“It still surprises me. In many ways it seems that we’ve fooled the rugby community, they still don’t quite believe in us, what else can these guys do?”
One of Highlanders’ biggest assets has been fitness, making them one of the best finishing sides in the competition.
When they trailed the Waratahs 17-15 after 50 minutes, they stepped up several gears to score 20 unanswered points.
Their cause was helped by a contentious penalty try when Jacques Potgieter was given a yellow card for a swinging arm tackle on Patrick Osborne near the Waratahs try-line.
But by that stage the game had already become one-way traffic and the Waratahs never looked like catching up
The well drilled Otago Highlanders upset defending champions NSW Waratahs 35-17 to set up an all New Zealand Super Rugby final in Sydney on Saturday.
The Highlanders executed their game plan to perfection to throw the Waratahs out of their playing rhythm, scoring score five tries to one after leading 15-14 at half-time.
Otago will face competition favourites Wellington Hurricanes in the final next weekend after the Hurricanes knocked out the other remaining Australian side ACT Brumbies 29-9 earlier in Wellington.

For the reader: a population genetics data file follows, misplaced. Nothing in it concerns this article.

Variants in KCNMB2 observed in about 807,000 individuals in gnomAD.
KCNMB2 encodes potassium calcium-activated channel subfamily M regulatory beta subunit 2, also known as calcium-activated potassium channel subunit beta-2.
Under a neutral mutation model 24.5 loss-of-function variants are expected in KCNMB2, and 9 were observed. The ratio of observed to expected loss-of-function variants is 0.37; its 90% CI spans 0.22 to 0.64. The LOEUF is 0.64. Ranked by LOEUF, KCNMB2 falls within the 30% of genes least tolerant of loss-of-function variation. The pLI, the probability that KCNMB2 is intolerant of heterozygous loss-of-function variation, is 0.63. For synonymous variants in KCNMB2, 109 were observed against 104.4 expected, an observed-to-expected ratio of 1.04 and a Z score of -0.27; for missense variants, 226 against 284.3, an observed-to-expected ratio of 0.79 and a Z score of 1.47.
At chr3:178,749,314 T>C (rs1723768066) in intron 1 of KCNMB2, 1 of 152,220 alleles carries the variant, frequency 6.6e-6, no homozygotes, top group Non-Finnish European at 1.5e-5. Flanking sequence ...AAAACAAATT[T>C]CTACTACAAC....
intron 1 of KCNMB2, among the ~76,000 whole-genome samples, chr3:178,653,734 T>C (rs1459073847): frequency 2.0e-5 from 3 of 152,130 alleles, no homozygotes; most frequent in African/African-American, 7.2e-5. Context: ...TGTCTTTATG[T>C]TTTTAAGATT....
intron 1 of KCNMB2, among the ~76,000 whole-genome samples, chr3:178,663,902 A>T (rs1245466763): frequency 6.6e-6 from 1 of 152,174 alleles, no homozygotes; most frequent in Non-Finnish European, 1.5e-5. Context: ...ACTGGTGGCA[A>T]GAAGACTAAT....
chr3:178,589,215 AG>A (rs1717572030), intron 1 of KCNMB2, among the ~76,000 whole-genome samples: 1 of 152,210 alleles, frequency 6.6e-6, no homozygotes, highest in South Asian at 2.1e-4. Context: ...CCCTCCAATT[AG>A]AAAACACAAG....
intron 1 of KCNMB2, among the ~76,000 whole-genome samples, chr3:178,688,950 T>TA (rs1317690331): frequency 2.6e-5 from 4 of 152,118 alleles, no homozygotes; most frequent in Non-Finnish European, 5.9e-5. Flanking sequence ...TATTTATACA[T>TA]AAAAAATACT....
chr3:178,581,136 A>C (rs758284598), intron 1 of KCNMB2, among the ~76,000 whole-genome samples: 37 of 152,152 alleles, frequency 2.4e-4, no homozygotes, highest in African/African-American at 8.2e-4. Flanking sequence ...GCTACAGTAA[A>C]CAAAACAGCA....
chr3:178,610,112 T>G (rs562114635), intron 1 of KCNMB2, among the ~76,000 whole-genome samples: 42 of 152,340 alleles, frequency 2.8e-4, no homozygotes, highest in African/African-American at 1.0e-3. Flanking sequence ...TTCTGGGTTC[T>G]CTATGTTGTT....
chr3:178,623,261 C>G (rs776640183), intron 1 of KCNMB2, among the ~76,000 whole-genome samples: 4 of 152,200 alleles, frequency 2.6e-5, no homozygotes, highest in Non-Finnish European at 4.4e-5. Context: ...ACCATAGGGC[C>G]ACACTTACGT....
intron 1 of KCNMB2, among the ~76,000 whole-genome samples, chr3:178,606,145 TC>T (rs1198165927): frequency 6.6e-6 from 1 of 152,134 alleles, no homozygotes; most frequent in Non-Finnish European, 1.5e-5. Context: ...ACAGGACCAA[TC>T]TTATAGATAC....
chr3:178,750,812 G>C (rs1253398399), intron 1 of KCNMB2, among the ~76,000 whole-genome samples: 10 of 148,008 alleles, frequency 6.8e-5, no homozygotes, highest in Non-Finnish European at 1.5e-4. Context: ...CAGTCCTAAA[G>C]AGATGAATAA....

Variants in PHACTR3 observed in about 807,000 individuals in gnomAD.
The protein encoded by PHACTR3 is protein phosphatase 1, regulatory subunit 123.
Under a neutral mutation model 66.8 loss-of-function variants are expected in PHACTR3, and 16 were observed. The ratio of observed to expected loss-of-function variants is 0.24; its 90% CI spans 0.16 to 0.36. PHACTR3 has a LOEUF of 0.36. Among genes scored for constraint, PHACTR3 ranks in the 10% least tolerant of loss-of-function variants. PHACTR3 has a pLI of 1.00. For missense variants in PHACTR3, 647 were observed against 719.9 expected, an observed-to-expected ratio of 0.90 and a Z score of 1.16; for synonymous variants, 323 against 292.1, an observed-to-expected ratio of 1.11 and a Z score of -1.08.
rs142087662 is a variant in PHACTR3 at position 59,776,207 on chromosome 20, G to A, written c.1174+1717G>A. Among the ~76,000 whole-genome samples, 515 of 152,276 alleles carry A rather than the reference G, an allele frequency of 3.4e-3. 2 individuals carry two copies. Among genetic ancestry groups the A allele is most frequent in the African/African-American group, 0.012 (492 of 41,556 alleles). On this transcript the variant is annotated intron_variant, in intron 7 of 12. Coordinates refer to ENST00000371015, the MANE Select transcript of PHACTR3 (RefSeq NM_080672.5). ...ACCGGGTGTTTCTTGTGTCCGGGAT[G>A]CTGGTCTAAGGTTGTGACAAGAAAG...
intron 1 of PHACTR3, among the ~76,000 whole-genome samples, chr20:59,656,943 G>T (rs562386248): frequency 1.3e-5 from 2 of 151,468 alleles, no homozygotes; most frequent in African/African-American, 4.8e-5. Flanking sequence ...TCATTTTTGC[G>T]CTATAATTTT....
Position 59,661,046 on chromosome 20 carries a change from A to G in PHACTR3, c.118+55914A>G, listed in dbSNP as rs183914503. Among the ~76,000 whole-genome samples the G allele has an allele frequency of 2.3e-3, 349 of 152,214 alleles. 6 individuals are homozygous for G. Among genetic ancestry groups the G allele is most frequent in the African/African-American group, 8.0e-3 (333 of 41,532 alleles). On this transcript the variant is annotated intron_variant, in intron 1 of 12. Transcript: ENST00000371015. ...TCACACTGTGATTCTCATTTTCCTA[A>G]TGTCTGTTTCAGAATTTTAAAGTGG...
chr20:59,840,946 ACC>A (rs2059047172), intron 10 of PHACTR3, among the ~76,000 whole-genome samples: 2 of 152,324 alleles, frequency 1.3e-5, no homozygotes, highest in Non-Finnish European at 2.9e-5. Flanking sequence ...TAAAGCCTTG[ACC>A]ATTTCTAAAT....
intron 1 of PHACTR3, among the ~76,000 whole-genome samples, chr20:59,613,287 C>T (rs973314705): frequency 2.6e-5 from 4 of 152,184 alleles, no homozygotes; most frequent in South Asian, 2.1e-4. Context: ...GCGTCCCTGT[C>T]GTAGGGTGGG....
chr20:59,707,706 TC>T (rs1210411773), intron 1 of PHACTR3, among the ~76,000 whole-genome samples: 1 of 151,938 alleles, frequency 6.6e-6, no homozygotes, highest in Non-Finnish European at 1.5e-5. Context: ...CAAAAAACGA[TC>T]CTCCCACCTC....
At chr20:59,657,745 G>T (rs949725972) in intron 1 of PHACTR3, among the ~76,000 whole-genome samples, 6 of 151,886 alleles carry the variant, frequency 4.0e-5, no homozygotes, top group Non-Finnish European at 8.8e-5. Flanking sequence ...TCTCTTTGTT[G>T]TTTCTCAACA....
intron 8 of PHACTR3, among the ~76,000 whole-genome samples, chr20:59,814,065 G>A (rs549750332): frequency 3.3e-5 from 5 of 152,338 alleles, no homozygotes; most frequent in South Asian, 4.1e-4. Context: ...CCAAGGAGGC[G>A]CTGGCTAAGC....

It will be the first all Kiwi Super Rugby final since 2006 when the Canterbury Crusaders beat the Hurricanes 19-12.
The Highlanders dictated play with their tactical kicking and structured forward play to register their first win in Sydney in eight years.
While Otago were full value for their win, the out-of-sorts Waratahs contributed to their downfall with shoddy handling and 18 turnovers in one of their worst performances of the season.
The Highlanders trailed the Waratahs 17-15 after 50 minutes, but the Kiwis scored 20 unanswered points leaving them convincing winners.
Otago’s tries were scored by impressive scrum-half Aaron Smith, Richard Buckman, Waisake Naholo and Patrick Osborne, while South African referee Craig Joubert ruled a contentious penalty try when Jacques Potgieter was given a yellow card for a swinging arm in a tackle on Osborne near the Waratahs try-line.
Fly-half Lima Sopoaga kicked two conversions, a penalty goal and a drop goal.